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Astrophotographer shares how he takes such stunning lunar images

AccuWeather logo AccuWeather 6/28/2022 Wyatt Loy

A photographer in Arizona captured one of the clearest images yet of the moon's surface. The final picture is a composite of about 30,000 individual shots, taken using a telescope and a purpose-made camera for astrophotography.

Andrew McCarthy, who is better known online as @cosmic_background on Instagram, gained popularity worldwide for his jaw-dropping pictures of celestial bodies. Recently, he shared a video online of his process for capturing the beauty of the moon.

The video shows McCarthy in the observatory that he keeps in his backyard in Arizona. He points his telescope at the moon, and includes footage of how it appears through the lens. Then, there's a time-lapse of McCarthy "stacking" the best images on top of one another through software.

"It involves taking thousands of pictures very quickly and letting software sort through them, rejecting blurry or bad ones while stacking the rest to create one image that has much higher quality," McCarthy told AccuWeather's Prime show. "By applying this technique to close-up shots of the moon's surface, you can see craters in much more vivid detail."

This method creates a level of clarity and definition that would typically require a much larger telescope to see in person.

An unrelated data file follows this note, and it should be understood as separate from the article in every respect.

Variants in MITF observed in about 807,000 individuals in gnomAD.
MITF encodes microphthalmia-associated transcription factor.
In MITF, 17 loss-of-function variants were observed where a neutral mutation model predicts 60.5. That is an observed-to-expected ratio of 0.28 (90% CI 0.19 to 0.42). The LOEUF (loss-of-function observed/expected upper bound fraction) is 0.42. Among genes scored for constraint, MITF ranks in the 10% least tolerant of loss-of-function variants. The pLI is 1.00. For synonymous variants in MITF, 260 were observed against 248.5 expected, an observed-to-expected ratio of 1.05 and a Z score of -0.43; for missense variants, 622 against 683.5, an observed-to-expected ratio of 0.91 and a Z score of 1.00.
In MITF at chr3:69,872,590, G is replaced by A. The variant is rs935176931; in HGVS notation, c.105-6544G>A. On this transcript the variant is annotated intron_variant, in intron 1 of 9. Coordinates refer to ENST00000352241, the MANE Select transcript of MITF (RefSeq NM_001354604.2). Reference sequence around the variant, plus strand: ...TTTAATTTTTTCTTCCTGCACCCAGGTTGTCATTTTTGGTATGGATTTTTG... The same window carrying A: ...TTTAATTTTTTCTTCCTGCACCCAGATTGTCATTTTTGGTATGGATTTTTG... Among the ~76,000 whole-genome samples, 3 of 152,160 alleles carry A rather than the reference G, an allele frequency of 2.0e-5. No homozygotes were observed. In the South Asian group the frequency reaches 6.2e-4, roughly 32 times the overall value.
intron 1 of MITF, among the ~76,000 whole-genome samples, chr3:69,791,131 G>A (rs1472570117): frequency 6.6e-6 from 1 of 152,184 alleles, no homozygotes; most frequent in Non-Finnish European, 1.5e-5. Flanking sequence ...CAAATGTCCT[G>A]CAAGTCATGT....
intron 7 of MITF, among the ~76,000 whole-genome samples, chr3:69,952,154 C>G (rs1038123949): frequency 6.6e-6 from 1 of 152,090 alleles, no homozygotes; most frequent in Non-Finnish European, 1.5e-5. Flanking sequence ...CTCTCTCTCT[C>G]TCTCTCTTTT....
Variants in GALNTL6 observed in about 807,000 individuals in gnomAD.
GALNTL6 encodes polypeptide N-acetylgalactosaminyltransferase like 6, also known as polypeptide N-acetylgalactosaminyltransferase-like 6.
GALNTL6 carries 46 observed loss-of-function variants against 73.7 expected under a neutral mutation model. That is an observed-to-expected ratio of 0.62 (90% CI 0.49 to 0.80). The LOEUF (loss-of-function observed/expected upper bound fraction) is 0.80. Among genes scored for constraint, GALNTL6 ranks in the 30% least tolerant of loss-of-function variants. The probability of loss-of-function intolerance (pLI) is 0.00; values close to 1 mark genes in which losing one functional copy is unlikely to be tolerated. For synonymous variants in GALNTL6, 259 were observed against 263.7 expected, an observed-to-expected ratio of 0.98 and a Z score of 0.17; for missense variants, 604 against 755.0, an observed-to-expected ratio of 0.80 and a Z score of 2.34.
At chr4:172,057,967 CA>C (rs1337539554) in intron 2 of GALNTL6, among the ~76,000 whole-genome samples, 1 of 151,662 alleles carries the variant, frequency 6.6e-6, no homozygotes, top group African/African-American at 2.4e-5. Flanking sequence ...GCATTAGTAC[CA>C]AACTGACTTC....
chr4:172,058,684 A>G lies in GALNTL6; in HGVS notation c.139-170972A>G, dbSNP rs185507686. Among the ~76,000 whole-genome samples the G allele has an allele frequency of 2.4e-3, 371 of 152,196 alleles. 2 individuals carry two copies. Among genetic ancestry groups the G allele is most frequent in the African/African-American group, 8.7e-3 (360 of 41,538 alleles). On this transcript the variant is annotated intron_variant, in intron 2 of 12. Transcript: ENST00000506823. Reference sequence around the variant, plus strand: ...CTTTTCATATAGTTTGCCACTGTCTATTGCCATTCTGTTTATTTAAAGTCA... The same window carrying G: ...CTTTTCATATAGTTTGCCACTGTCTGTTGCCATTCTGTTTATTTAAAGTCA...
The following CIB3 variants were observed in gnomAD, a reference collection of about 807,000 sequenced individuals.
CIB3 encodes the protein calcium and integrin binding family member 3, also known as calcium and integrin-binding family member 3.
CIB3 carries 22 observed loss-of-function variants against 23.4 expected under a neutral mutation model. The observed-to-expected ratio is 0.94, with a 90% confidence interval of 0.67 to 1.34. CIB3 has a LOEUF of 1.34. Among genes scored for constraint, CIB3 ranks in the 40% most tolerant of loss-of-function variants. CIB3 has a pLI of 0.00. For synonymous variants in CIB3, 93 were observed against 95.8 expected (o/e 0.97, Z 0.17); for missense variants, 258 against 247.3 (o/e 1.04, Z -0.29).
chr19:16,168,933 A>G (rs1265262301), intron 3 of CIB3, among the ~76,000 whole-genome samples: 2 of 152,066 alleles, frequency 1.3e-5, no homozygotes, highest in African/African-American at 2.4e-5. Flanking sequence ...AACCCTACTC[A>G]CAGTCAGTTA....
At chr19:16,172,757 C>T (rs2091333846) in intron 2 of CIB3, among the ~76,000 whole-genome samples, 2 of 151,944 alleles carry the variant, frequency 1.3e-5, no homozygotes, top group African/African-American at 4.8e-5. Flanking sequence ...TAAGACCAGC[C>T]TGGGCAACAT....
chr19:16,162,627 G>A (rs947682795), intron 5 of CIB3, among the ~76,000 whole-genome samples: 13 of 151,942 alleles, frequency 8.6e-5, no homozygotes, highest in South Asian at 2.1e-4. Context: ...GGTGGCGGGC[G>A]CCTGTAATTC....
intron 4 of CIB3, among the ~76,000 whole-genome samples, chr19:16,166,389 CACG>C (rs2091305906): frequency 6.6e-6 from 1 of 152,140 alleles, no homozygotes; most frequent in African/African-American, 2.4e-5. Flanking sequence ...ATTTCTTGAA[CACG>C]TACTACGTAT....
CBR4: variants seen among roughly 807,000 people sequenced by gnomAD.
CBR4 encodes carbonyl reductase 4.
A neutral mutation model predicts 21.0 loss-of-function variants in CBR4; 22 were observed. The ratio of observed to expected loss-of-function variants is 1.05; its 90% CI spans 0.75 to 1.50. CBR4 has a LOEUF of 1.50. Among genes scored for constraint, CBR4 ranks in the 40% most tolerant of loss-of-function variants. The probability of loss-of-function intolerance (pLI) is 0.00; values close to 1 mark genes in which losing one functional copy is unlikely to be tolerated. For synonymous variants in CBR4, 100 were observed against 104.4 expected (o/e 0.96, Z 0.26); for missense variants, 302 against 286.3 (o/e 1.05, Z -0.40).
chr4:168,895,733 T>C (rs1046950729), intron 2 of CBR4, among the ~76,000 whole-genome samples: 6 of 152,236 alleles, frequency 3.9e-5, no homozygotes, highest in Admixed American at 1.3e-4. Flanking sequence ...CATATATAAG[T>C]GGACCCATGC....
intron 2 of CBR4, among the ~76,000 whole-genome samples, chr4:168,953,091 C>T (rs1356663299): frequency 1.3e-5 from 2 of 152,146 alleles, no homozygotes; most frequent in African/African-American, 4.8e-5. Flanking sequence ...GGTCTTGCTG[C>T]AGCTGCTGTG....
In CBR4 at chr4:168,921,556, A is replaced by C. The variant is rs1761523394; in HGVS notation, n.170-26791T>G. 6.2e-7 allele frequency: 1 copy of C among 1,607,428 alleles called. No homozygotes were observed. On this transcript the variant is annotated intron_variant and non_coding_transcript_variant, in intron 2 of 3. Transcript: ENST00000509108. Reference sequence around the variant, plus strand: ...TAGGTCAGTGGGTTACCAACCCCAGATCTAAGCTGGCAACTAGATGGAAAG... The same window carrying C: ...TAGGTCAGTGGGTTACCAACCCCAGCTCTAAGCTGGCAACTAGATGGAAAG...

"The contrast turned out really nice. The craters and 'seas' stand out nicely, without looking too overly processed. The subtle color from the mineral content showed up nicely too!" McCarthy said. "So far, everyone seems to love it"

He said he's frequently asked questions about his type of telescope "or how it looks as I'm capturing images, versus after stacking and processing," McCarthy told Newsflare. "So I thought it could make for a cinematic presentation of the image."


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Astrophotographers like himself primarily photograph things beyond our atmosphere -- "our solar system, our galaxy and beyond," McCarthy told AccuWeather. "I bought my first telescope in 2017, and I first started using it for photography in 2018, capturing very basic photographs."

McCarthy said it doesn't require special skills or knowledge in astronomy to find the subjects he photographs.

"Thankfully smarter people than I did all the hard work of calculating where everything will be in the sky on any given night. I just point my telescope where my various apps tell me," McCarthy said. "Planets, the moon and the sun don't require anything that fancy since I can see where they are."

Of course, for an astrophotographer as passionate as McCarthy, this is not his first time taking such sharp images of the lunar surface. On his website he regularly features photos of the moon, planets, the sun and distant stars at different angles, with different colors and effects and from various locations across the United States.

"My favorite photos are generally of the International Space Station transiting the sun or moon," McCarthy said. "They are a lot of work to capture, and when I pull them off just right they end up being pretty amazing."

However, he said there are enough deep space targets to keep him busy for decades.

"What inspires me about space is the infinite possibilities," he told Forbes in 2019. "Each little pocket of the night sky has so much vast beauty it's incomprehensible."

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